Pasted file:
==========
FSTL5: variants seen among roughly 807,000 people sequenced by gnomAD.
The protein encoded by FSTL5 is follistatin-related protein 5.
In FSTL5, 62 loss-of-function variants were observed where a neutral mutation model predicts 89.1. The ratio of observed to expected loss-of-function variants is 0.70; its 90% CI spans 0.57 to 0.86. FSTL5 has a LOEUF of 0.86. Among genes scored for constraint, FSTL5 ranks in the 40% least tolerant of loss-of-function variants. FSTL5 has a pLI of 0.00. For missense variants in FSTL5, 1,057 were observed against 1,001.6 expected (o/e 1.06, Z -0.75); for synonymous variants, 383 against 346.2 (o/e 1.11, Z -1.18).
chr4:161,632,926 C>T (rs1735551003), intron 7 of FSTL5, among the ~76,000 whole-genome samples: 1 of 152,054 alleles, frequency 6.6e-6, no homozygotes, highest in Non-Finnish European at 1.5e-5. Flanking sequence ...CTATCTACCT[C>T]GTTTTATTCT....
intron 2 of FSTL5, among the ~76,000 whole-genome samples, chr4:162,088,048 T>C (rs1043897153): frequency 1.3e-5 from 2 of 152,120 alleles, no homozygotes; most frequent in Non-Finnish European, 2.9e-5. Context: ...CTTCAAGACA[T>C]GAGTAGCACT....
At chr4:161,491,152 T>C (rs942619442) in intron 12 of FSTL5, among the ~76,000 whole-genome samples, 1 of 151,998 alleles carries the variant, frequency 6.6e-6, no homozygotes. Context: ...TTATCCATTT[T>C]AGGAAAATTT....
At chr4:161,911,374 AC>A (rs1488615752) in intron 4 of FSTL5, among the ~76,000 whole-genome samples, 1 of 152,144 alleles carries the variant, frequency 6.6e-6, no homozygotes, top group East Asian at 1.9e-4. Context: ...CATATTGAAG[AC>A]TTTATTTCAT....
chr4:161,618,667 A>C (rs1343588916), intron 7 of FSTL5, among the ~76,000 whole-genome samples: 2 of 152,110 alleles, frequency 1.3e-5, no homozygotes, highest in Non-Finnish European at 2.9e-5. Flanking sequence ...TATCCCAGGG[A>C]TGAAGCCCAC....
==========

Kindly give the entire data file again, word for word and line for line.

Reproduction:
FSTL5: variants seen among roughly 807,000 people sequenced by gnomAD.
The protein encoded by FSTL5 is follistatin-related protein 5.
In FSTL5, 62 loss-of-function variants were observed where a neutral mutation model predicts 89.1. The ratio of observed to expected loss-of-function variants is 0.70; its 90% CI spans 0.57 to 0.86. FSTL5 has a LOEUF of 0.86. Among genes scored for constraint, FSTL5 ranks in the 40% least tolerant of loss-of-function variants. FSTL5 has a pLI of 0.00. For missense variants in FSTL5, 1,057 were observed against 1,001.6 expected (o/e 1.06, Z -0.75); for synonymous variants, 383 against 346.2 (o/e 1.11, Z -1.18).
chr4:161,632,926 C>T (rs1735551003), intron 7 of FSTL5, among the ~76,000 whole-genome samples: 1 of 152,054 alleles, frequency 6.6e-6, no homozygotes, highest in Non-Finnish European at 1.5e-5. Flanking sequence ...CTATCTACCT[C>T]GTTTTATTCT....
intron 2 of FSTL5, among the ~76,000 whole-genome samples, chr4:162,088,048 T>C (rs1043897153): frequency 1.3e-5 from 2 of 152,120 alleles, no homozygotes; most frequent in Non-Finnish European, 2.9e-5. Context: ...CTTCAAGACA[T>C]GAGTAGCACT....
At chr4:161,491,152 T>C (rs942619442) in intron 12 of FSTL5, among the ~76,000 whole-genome samples, 1 of 151,998 alleles carries the variant, frequency 6.6e-6, no homozygotes. Context: ...TTATCCATTT[T>C]AGGAAAATTT....
At chr4:161,911,374 AC>A (rs1488615752) in intron 4 of FSTL5, among the ~76,000 whole-genome samples, 1 of 152,144 alleles carries the variant, frequency 6.6e-6, no homozygotes, top group East Asian at 1.9e-4. Context: ...CATATTGAAG[AC>A]TTTATTTCAT....
chr4:161,618,667 A>C (rs1343588916), intron 7 of FSTL5, among the ~76,000 whole-genome samples: 2 of 152,110 alleles, frequency 1.3e-5, no homozygotes, highest in Non-Finnish European at 2.9e-5. Flanking sequence ...TATCCCAGGG[A>C]TGAAGCCCAC....